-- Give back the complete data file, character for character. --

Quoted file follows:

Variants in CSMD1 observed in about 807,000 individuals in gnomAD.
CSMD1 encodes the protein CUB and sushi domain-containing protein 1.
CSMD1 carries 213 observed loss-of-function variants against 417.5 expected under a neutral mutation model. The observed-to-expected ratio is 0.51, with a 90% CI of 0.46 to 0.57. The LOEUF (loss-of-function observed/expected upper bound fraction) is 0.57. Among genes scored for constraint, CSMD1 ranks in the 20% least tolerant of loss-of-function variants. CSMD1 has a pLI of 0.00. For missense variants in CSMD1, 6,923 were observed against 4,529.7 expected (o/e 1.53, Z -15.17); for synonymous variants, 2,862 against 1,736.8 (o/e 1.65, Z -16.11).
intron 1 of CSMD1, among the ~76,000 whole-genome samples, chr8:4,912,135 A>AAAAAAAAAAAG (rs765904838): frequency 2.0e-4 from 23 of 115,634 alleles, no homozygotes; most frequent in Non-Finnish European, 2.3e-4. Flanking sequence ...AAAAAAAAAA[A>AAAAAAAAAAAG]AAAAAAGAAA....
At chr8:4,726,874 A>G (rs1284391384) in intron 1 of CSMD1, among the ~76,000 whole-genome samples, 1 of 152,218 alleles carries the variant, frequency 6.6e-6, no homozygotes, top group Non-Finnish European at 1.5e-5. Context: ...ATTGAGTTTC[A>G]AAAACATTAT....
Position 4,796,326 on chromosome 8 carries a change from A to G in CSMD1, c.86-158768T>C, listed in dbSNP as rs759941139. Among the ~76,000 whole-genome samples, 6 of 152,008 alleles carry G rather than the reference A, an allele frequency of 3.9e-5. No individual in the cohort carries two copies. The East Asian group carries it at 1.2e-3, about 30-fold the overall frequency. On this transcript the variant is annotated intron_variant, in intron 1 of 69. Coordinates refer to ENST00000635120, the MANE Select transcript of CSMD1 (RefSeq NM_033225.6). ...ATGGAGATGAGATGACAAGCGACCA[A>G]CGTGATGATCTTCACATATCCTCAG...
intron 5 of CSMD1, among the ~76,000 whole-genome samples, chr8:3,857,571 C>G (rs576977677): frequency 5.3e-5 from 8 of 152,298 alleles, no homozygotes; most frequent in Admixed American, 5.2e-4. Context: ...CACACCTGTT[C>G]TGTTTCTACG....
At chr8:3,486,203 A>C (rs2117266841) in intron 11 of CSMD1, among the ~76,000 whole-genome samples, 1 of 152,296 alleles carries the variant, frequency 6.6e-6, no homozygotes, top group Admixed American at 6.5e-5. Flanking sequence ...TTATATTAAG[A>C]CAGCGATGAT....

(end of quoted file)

Variants in CSMD1 observed in about 807,000 individuals in gnomAD.
CSMD1 encodes the protein CUB and sushi domain-containing protein 1.
CSMD1 carries 213 observed loss-of-function variants against 417.5 expected under a neutral mutation model. The observed-to-expected ratio is 0.51, with a 90% CI of 0.46 to 0.57. The LOEUF (loss-of-function observed/expected upper bound fraction) is 0.57. Among genes scored for constraint, CSMD1 ranks in the 20% least tolerant of loss-of-function variants. CSMD1 has a pLI of 0.00. For missense variants in CSMD1, 6,923 were observed against 4,529.7 expected (o/e 1.53, Z -15.17); for synonymous variants, 2,862 against 1,736.8 (o/e 1.65, Z -16.11).
intron 1 of CSMD1, among the ~76,000 whole-genome samples, chr8:4,912,135 A>AAAAAAAAAAAG (rs765904838): frequency 2.0e-4 from 23 of 115,634 alleles, no homozygotes; most frequent in Non-Finnish European, 2.3e-4. Flanking sequence ...AAAAAAAAAA[A>AAAAAAAAAAAG]AAAAAAGAAA....
At chr8:4,726,874 A>G (rs1284391384) in intron 1 of CSMD1, among the ~76,000 whole-genome samples, 1 of 152,218 alleles carries the variant, frequency 6.6e-6, no homozygotes, top group Non-Finnish European at 1.5e-5. Context: ...ATTGAGTTTC[A>G]AAAACATTAT....
Position 4,796,326 on chromosome 8 carries a change from A to G in CSMD1, c.86-158768T>C, listed in dbSNP as rs759941139. Among the ~76,000 whole-genome samples, 6 of 152,008 alleles carry G rather than the reference A, an allele frequency of 3.9e-5. No individual in the cohort carries two copies. The East Asian group carries it at 1.2e-3, about 30-fold the overall frequency. On this transcript the variant is annotated intron_variant, in intron 1 of 69. Coordinates refer to ENST00000635120, the MANE Select transcript of CSMD1 (RefSeq NM_033225.6). ...ATGGAGATGAGATGACAAGCGACCA[A>G]CGTGATGATCTTCACATATCCTCAG...
intron 5 of CSMD1, among the ~76,000 whole-genome samples, chr8:3,857,571 C>G (rs576977677): frequency 5.3e-5 from 8 of 152,298 alleles, no homozygotes; most frequent in Admixed American, 5.2e-4. Context: ...CACACCTGTT[C>G]TGTTTCTACG....
At chr8:3,486,203 A>C (rs2117266841) in intron 11 of CSMD1, among the ~76,000 whole-genome samples, 1 of 152,296 alleles carries the variant, frequency 6.6e-6, no homozygotes, top group Admixed American at 6.5e-5. Flanking sequence ...TTATATTAAG[A>C]CAGCGATGAT....